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Old 01-22-2013, 10:56 AM
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Beanie Beanie is offline
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This thread is super interesting - I haven't decided yet what to do with Payton's contacts. Kind of was planning on 2o2o since that's what I did with Auggie but a 4on is intriguing to me too.

Also fffff that last video has the agility bug all on fire and I've been seriously considering entering Mr. Retiree in something again just to go play *flail*

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Old 01-22-2013, 11:31 AM
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Here is the modified version that I was talking about, she recently changed it to a "wait" cue instead of a lie down. She does have quick releases as well but basically this is a 4 on the floor technique.

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Old 01-22-2013, 11:48 AM
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Originally Posted by Beanie View Post

Also fffff that last video has the agility bug all on fire and I've been seriously considering entering Mr. Retiree in something again just to go play *flail*
If it makes you feel any better I gave myself agility fever while i was at it . We're on a two month hiatus and it's killing me. And the dogs too. Just bad luck -- trials here have been filling on opening day for for years but it's reached a new level lately...last trial we were closed out of had a wait list of over 250 runs...


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Old 01-22-2013, 04:38 PM
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Originally Posted by Aleron View Post
I would be very, very careful with the idea of training a 2o2o and then just changing to letting them run without ever asking for the 2o2o again. A lot of people who try that seem to end up with fly off issues down the road, at least with faster, bigger dogs.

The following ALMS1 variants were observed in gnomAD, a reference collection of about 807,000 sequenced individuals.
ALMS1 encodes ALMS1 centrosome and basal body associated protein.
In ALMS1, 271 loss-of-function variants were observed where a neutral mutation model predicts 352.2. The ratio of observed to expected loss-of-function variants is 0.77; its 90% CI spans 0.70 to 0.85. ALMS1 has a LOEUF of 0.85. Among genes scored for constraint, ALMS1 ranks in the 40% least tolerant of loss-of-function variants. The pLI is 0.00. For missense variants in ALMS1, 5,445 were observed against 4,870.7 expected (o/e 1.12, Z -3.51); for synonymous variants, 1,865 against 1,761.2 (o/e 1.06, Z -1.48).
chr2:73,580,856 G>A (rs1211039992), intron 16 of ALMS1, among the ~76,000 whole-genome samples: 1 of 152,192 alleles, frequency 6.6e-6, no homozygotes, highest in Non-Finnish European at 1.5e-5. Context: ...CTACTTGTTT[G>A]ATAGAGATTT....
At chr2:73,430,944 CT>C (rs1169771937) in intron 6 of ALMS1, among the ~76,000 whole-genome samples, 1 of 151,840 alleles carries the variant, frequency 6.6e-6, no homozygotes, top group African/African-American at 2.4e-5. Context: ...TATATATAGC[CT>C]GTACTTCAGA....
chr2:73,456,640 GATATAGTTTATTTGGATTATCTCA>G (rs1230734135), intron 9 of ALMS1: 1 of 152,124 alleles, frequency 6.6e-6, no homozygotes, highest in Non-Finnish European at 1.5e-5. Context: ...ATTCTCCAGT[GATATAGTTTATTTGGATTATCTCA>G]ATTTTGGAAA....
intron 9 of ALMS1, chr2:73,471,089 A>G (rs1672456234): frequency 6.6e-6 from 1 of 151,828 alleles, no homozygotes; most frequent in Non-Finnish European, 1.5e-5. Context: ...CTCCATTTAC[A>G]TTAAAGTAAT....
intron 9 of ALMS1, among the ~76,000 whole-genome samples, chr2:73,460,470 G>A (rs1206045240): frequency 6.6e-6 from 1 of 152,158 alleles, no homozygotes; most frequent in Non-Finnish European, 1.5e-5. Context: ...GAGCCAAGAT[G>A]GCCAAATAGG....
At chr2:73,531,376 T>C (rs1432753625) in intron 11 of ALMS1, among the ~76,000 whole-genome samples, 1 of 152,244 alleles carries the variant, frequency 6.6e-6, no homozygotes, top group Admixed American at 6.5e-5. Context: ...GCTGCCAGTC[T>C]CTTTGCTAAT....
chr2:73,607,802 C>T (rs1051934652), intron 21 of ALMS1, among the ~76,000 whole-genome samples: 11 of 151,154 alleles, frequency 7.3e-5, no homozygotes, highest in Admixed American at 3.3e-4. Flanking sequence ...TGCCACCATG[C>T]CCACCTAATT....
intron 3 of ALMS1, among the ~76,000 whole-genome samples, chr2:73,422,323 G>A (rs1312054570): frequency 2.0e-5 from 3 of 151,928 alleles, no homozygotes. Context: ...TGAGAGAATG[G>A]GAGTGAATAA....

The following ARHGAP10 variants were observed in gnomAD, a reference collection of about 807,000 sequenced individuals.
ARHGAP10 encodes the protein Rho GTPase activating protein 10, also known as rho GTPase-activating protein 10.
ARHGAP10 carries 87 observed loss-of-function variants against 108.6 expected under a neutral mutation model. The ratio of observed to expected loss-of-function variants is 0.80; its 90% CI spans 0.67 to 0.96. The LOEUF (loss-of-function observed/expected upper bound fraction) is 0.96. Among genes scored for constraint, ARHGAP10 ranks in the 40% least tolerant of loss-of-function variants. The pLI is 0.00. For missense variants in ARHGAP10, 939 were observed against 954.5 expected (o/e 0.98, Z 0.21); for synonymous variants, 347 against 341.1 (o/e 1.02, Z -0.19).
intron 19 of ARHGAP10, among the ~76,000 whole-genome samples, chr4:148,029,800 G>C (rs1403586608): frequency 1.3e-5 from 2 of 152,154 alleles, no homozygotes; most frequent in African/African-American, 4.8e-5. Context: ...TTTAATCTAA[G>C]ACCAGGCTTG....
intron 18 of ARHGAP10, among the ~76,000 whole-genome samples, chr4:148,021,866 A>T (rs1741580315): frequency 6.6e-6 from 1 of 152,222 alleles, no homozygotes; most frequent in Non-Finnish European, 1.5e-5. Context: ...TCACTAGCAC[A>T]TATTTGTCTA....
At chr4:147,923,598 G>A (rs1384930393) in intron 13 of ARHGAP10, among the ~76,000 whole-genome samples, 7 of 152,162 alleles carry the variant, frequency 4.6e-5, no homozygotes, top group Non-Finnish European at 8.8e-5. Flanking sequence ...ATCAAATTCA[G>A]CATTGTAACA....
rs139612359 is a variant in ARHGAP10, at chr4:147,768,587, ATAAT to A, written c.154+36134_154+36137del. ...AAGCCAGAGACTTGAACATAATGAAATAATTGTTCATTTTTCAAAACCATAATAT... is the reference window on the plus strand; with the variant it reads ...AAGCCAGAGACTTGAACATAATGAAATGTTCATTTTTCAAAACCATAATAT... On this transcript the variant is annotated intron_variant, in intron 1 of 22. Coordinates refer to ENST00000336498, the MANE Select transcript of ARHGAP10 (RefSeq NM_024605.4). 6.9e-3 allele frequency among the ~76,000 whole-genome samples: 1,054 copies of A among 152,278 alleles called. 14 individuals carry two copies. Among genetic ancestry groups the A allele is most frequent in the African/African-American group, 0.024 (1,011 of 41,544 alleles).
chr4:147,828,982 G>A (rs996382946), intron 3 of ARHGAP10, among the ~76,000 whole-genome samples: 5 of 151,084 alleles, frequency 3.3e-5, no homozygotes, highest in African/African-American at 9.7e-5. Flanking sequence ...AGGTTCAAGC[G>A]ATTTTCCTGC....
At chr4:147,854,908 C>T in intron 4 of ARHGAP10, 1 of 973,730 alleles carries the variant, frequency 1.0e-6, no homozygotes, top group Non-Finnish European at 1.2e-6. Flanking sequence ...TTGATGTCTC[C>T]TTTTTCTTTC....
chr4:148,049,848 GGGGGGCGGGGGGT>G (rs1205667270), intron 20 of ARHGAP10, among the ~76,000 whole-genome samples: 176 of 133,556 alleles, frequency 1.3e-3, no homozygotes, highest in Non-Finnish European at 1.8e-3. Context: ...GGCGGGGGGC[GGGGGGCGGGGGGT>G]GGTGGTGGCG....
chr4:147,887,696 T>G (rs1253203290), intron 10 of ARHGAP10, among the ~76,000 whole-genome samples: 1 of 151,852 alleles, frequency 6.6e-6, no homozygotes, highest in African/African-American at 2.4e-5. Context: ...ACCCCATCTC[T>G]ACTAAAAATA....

It sounds like your biggest issue is that Enda doesn't have a solid understanding of the criteria for her contact performance, resulting in contact behavior that isn't solid. A lot of people do quick releases once there dog is solid on the contacts, although IME some people strt them and quickly lose their contact behavior all together. Dogs really just want to run But even for a quick release, your dog needs to have a solid contact performance to start with or you're just muddying the waters even further.

This dog is being quick released on the DW I would assume (or she's trained for both running and stopped...hard to tell as SG has contradicted herself a bit on her contact training) but her teeter contact performance is a great example of a 2o2o where the dog is trained to rock their weight back. This sort of contact is trained by using a nose target on the floor.

This video shows how to start training this nose touch contact behavior:

There's also the Four On The Floor method, which is a "modified running" or "modified stopped" contact depending on how you look at it.

I think most people who train this early release in trials.

You could also train for a four on the equipment stop, which would prevent the slamming into the floor.

Corgis can definitely fly off. Trust me

Running a-frame and stopped dogwalk is pretty popular these days. Rachel Sanders running contact method is only for running aframes, not dogwalks.